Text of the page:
Turkey Detains Former Kurdish Party Officials for PKK Links

The detained are among 91 suspects sought by a chief prosecutor for allegedly 'providing financial resources on behalf' of the banned Kurdistan Workers’ Party, Anadolu Agency reports

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A kurdish man carries a flag with a portrait of jailed Kurdistan Workers Party (PKK) leader Abdullah Ocalan, in Beirut last month.
A kurdish man carries a flag with a portrait of jailed Kurdistan Workers Party (PKK) leader Abdullah Ocalan, in Beirut last month.Credit: AZIZ TAHER/ REUTERS

Turkish authorities have detained 46 people, including former local officials from a pro-Kurdish political party, who are suspected of having financial links to Kurdish militants, the state-run news agency reported on Tuesday.

The detained are among 91 suspects sought by a chief prosecutor for allegedly “providing financial resources on behalf” of the banned Kurdistan Workers’ Party, or PKK, Anadolu Agency reported. They are accused of being a part of the PKK’s “economic structure,” of money-laundering and of taking instructions from PKK commander Murat Karayilan, it said.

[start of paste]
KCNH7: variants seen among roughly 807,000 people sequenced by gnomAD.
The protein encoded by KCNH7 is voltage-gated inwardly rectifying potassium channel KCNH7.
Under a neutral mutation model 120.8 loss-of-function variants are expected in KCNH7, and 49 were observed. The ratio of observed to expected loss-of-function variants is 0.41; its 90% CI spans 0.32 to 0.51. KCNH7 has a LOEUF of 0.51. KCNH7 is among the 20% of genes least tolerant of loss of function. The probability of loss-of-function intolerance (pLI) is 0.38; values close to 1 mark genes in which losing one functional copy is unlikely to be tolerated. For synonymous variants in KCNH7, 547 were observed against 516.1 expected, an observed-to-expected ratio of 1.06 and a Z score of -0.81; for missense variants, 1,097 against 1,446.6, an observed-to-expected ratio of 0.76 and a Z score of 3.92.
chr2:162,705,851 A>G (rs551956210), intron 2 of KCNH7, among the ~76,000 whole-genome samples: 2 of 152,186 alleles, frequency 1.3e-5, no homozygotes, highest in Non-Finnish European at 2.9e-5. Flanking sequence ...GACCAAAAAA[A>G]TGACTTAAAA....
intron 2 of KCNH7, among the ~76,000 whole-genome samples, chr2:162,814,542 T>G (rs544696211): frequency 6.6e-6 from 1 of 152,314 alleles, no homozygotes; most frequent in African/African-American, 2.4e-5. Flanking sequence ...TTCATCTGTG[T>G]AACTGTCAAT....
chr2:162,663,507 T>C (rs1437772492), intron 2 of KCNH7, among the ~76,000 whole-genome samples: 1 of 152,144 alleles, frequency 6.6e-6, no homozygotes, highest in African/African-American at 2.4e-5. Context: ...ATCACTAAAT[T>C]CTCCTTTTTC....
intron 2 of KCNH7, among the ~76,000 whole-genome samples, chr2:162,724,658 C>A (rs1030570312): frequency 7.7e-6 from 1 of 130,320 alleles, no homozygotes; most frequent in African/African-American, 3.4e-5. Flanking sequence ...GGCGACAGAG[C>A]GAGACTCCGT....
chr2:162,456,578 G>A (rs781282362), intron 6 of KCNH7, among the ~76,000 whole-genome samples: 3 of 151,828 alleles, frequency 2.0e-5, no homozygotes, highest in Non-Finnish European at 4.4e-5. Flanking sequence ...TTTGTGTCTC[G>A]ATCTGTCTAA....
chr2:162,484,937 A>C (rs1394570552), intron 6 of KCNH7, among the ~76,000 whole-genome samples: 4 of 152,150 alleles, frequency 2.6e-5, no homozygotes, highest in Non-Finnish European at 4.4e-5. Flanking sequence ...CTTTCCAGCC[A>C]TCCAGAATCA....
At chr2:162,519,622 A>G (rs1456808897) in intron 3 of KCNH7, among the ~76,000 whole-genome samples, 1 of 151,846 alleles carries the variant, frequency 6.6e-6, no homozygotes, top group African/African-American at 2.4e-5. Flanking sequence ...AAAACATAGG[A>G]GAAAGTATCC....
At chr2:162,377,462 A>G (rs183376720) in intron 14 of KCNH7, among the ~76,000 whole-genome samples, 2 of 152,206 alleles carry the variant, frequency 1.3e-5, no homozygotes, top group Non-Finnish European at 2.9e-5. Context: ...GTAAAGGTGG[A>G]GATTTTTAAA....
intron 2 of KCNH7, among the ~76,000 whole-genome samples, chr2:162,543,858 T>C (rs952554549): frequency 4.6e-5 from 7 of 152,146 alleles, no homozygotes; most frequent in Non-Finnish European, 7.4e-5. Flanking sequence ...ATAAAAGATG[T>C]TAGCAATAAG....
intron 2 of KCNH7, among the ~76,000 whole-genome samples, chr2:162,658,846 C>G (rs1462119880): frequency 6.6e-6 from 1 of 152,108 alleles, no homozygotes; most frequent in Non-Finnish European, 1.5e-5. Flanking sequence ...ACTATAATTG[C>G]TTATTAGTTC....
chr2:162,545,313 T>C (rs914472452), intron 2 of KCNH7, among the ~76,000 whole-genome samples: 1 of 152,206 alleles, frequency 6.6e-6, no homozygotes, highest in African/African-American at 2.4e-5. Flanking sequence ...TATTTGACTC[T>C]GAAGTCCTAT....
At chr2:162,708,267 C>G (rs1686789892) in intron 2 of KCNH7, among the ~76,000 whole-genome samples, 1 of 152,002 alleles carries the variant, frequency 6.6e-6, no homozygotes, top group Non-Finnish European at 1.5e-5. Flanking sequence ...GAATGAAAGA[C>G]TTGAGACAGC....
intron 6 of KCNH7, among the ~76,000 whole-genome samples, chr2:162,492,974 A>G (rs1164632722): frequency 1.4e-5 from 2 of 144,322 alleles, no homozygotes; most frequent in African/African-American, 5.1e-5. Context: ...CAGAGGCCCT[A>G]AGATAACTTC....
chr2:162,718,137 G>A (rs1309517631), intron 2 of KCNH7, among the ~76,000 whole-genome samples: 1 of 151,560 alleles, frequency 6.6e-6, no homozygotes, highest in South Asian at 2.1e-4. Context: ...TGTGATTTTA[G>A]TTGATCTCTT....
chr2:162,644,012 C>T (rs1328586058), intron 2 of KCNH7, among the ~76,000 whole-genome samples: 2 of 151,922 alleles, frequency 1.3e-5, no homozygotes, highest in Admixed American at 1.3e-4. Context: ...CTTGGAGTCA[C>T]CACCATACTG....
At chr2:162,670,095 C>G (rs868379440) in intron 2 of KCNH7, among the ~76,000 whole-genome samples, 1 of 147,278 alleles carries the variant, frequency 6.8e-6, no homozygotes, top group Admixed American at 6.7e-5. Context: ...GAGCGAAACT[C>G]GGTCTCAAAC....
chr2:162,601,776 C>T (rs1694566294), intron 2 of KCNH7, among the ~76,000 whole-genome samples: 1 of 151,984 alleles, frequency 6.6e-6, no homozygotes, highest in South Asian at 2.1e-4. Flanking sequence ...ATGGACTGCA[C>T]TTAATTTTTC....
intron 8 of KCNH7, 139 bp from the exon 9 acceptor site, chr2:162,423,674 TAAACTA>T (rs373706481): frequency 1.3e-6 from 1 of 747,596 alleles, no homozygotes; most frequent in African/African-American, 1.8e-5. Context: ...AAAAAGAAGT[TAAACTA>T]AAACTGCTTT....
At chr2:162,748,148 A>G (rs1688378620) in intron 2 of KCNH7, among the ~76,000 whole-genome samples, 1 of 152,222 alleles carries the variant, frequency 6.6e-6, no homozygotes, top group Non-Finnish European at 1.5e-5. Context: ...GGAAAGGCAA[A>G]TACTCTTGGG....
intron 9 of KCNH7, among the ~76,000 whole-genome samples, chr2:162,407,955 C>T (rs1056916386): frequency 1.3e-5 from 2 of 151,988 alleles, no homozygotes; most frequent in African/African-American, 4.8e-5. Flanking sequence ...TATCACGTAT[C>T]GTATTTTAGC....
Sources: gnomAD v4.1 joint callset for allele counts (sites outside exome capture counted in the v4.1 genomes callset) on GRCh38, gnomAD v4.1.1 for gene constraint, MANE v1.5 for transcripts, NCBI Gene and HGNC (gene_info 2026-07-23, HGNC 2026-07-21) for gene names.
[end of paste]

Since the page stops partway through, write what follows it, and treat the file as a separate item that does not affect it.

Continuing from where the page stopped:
Anadolu said the suspects include former deputy mayors, former party treasurers and former city council members of the pro-Kurdish People’s Democratic Party, or HDP.

There was no immediate comment from the HDP — the second-largest opposition party in Turkey’s parliament — which is fighting legal moves toward its closure at Turkey’s Constitutional Court.

Prosecutors accuse the party of colluding with the PKK and of seeking to “destroy the unity of the state.” They are demanding that the party be dissolved, that it be deprived of treasury funding and that about 450 party members be barred from holding political office for five years. The HDP denies the accusations.

Dozens of elected HDP lawmakers and mayors — including former co-chairs Selahattin Demirtas and Figen Yuksekdag — as well as thousands of party members have been arrested on terror-related accusations as part of a government crackdown on the party. Several HDP mayors who were elected in 2019 have, meanwhile, been replaced by state-appointed trustees.

The PKK is considered a terror organization by Turkey, the European Union and the U.S. The group has led an armed insurgency against the Turkish state since 1984 and the conflict has killed tens of thousands of people.

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